Chelyabinsk Meteor: Can We Survive a Bigger Impact?
Free Astronomy Lecture
November 06, 2013
7 p.m.

As part of the 14th annual Silicon Valley Astronomy Lecture Series, astrobiologist and planetary scientist David Morrison, Ph.D., of the NASA Ames Research Center and the SETI Institute, will discuss The Meteor That Exploded Over Russia Last Year: Can We Survive a Bigger Impact?, an illustrated, non-technical lecture Wednesday, Nov. 6, at 7 p.m. in the Smithwick Theatre at Foothill College in Los Altos Hills. Admission is free and the public is invited. Seating is on a first-come, first-served basis. Arrive early to locate parking.

What would happen if an asteroid collided with the Earth? On Feb. 15, 2013, a rocky projectile entered the Earth’s atmosphere traveling at more than 11 miles per second. It was about 65 feet in diameter, or half the diameter of the impact of 1908, which flattened a thousand square miles of Siberian forest. Its terminal explosion, at an altitude of 14 miles, released energy of about half a megaton, equivalent to a couple dozen Hiroshima-sized atom bombs. About two minutes later, the shock wave reached the ground in Chelyabinsk, Russia, breaking windows and injuring 1,500 people from flying glass. Since the impactor approached the Earth from very near the direction of the Sun, it could not have been seen by any ground-based optical telescope of any size. It therefore struck without warning. Has this event served as a kind of cosmic wake-up call for planetary defense? NASA recently announced a “grand challenge” to find all asteroids that could threaten human populations, and to figure out how to deal with them. David Morrison will discuss the Chelyabinsk impact and evaluate ways we might meet the grand challenge to protect our population from space impacts.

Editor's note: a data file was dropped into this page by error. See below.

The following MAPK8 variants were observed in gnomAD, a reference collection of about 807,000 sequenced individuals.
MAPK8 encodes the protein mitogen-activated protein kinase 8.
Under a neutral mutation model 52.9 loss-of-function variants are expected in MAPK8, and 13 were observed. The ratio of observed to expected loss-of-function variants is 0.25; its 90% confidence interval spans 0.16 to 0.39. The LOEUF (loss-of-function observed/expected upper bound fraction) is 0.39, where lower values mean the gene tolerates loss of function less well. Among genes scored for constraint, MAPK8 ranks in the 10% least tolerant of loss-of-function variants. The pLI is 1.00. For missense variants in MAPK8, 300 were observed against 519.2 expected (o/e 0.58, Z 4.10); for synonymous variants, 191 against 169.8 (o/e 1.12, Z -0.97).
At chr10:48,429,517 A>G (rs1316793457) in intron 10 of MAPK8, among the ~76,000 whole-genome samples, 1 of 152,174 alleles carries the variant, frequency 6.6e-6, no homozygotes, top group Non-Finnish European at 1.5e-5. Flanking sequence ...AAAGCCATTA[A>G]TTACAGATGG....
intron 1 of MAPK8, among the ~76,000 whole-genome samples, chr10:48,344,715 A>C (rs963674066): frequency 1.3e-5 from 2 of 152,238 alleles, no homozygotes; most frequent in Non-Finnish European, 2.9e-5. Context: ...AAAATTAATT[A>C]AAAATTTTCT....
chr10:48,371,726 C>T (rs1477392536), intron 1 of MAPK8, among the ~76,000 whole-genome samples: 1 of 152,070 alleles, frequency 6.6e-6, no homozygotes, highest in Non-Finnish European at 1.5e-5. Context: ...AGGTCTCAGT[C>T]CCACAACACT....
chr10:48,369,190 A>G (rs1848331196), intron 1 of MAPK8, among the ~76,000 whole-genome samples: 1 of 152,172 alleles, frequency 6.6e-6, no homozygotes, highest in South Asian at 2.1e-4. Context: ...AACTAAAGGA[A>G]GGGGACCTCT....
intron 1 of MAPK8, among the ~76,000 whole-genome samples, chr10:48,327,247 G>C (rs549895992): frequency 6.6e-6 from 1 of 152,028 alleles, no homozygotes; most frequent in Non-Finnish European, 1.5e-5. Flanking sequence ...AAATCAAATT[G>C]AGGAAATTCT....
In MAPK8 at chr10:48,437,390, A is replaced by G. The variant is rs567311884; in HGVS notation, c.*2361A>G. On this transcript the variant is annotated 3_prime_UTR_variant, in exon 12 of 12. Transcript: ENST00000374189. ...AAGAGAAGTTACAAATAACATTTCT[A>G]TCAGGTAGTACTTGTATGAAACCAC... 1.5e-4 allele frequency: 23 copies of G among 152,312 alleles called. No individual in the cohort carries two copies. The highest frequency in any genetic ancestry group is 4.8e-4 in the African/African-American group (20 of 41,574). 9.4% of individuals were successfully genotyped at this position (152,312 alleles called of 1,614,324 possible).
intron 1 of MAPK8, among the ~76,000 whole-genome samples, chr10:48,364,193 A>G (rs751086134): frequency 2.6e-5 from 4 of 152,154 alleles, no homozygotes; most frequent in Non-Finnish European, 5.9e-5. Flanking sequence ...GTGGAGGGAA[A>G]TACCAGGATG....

Dr. Morrison is the director of the Carl Sagan Center for Study of Life in the Universe at the SETI Institute in Mountain View. He has been an international leader for two decades in defining the asteroid impact hazard and planning approaches to planetary defense; in recognition of this work, Asteroid 2410 Morrison is named in his honor. Morrison has also made many contributions to teaching astronomy and space science, including authorship of several college textbooks in astronomy and planetary science. He is a popular writer and public lecturer, promoting a scientific and fact-based perspective about such topics as the evolution-creationist conflict and climate-change denialism. Recently, he was awarded the NASA Exceptional Achievement Medal for using science to counteract public fears about the end of the world in December 2012.

The free lecture series is sponsored by the Foothill College Astronomy ProgramNASA Ames Research CenterSETI Institute Astronomical Society of the Pacific. Past lectures from the series are available online A number of past Silicon Valley Astronomy Lectures are now available free on YouTube on the series' own channel at

Parking lots 1, 7 and 8 provide stair and no-stair access to the theatre. Visitors must purchase a parking permit for $3 from dispensers in any student parking lot. Dispensers accept one-dollar bills and quarters; bring exact change. Foothill College is located off I-280 on El Monte Road in Los Altos Hills. For more information, access or call (650) 949-7888.

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Special Notice: Admission is free; purchase required parking permit for $3 from dispensers in any student lot.